Rates Threaten Hospitality Businesses

A coalition of leading hospitality, retail and leisure organisations have written to the United Kingdom Chancellor to urge him to freeze the business rates multiplier and extend existing reliefs for a further year at the upcoming Autumn Statement.

UKHospitality, British Retail Consortium, Association of Convenience Stores, British Independent Retail Association and ukactive are warning that businesses, jobs and the future of high streets are at risk without the measures. The sectors combine to pay more than £10 billion in business rates a year. The inflation-linked increase to the business rates multiplier will cost retail businesses £480m and hospitality businesses £234m. An end to current relief will cost hospitality £630m and retail £750m.

Kate Nicholls, chief executive of UKHospitality, said that freezing rates and extending relief will be a lifeline for a sector that simply cannot absorb any more costs. She pointed out that inaction will leave hospitality businesses with no choice but to put prices up, open less, or, in the worst case scenario, shut their doors for good.

“Pubs, restaurants, cafes and hotels, to name a few, act as pillars of their communities, and they want to continue in that central role, as well as driving economic growth and providing countless jobs. Action on business rates at the Autumn Statement is critical to that,” said Nicholls.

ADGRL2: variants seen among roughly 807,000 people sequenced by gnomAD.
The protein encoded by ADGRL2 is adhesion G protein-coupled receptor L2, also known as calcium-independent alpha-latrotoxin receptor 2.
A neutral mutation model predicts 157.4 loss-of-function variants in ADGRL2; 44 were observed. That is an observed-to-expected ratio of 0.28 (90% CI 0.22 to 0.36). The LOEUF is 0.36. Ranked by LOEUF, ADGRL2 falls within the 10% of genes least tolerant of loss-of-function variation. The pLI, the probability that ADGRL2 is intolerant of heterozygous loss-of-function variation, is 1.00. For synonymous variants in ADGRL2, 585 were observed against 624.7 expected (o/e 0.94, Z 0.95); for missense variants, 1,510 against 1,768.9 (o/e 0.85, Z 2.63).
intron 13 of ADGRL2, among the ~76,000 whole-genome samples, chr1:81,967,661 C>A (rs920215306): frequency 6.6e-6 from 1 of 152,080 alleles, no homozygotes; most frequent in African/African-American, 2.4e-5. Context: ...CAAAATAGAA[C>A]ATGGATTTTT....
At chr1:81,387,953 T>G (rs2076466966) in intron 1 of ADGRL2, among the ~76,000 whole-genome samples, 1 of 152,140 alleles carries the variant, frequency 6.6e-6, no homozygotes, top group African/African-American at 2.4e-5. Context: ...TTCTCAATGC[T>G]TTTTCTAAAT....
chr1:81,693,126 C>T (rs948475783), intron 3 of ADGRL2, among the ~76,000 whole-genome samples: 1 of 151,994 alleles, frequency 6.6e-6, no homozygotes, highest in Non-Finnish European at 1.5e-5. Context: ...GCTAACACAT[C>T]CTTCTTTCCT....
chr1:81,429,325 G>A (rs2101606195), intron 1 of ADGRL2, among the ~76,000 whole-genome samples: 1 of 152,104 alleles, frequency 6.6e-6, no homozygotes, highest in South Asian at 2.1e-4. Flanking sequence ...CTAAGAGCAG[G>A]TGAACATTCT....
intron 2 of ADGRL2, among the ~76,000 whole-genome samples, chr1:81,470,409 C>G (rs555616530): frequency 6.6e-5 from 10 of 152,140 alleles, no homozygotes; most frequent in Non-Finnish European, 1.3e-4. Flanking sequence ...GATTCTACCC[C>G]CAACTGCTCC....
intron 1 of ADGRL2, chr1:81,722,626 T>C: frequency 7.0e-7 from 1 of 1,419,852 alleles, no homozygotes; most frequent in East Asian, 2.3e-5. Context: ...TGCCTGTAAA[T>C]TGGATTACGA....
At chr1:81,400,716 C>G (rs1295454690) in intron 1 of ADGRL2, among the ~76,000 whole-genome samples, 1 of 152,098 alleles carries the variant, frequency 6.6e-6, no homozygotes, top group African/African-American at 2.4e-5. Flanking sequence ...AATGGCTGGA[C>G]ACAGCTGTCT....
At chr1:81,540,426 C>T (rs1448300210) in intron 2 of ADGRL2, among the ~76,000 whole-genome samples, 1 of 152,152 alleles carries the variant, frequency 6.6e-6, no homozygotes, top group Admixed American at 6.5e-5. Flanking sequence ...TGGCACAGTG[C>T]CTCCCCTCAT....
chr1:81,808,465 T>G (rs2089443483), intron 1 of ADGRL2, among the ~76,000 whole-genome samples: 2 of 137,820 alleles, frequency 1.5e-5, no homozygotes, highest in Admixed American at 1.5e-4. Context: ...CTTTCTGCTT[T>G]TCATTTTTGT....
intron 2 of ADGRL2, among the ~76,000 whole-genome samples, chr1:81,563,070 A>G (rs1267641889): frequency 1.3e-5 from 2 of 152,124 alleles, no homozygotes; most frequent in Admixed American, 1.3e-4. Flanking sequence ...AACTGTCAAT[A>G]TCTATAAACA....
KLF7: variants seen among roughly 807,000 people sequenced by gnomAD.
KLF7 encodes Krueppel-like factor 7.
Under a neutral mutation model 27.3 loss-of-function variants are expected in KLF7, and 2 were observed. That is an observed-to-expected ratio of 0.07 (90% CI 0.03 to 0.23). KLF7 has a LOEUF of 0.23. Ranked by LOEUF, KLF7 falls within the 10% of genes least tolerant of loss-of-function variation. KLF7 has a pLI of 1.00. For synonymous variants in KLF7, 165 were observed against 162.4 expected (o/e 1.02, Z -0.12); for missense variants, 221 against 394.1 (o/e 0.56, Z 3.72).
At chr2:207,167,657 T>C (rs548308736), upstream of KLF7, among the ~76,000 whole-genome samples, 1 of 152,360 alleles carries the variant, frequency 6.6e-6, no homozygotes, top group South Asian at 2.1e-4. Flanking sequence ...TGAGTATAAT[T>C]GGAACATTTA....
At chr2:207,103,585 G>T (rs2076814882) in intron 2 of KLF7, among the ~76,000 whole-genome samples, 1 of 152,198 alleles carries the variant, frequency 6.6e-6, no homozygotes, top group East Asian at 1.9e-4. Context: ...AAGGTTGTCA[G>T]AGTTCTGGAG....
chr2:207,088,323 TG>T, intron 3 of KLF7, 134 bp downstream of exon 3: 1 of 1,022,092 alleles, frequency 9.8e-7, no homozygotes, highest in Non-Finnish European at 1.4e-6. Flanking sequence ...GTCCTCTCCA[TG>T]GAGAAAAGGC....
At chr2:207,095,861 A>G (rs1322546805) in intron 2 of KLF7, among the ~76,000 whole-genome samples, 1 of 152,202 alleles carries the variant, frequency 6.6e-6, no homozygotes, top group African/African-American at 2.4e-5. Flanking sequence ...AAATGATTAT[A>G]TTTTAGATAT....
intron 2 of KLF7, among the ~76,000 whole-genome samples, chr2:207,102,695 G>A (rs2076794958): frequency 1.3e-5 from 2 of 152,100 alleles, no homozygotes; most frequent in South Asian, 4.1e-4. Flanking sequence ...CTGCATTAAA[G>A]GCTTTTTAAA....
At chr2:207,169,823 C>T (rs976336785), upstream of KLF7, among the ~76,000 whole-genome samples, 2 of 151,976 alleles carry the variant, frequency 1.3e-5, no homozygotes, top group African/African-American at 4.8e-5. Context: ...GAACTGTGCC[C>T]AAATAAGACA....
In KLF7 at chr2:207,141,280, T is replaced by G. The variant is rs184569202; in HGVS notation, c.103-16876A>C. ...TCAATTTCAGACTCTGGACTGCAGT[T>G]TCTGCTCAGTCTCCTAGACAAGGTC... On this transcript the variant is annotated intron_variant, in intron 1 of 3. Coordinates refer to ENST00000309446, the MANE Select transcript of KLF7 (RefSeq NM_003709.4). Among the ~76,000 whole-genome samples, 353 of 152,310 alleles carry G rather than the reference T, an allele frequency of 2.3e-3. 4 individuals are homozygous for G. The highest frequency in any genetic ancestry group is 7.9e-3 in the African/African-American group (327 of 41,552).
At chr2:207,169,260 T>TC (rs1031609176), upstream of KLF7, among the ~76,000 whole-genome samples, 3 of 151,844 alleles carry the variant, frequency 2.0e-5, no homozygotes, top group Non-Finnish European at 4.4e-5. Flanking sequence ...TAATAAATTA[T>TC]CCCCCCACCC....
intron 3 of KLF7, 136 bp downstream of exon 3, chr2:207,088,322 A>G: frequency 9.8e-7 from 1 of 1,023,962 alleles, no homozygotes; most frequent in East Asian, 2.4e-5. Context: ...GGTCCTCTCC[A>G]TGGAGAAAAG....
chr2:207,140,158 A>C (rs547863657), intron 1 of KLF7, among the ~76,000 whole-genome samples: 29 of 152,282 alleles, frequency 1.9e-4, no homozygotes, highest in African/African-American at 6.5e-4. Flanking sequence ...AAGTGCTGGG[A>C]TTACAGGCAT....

Hospitality, leisure, and retail businesses will all be significantly affected by business rate increases, and it will have knock-on impacts on consumers. A recent survey of UKHospitality members showed that 66 percent of businesses would reduce investment, 61 percent would raise prices, and 41 percent would reduce opening hours if rates relief was removed. Members of ukactive reported that 75 percent were ‘extremely likely’ to have to increase customer pricing in the next six months, with 88 percent having already been forced to raise prices over the past year.

In a survey of BRC members, 66 percent of retailers responded that they were ‘very concerned’ about an increase in businesses rates, with 69 percent adding it would place ‘significant pressure’ on the prices paid by customers.

Chief executive of the British Retail Consortium, Helen Dickinson, said that retailers are staring down the barrel or a £480 million-a-year hike in their business rates bills from next Spring.

“Such a hefty increase will threaten to put renewed pressure on retail prices, as well as block new investment in our town and city centres. It is essential that the Chancellor uses the Autumn Statement to freeze business rates and give our local communities a fighting chance to thrive.”

Other associations to have joined the effort include Ukactive, the British Independent Retail Association, and the Association of Convenience Stores.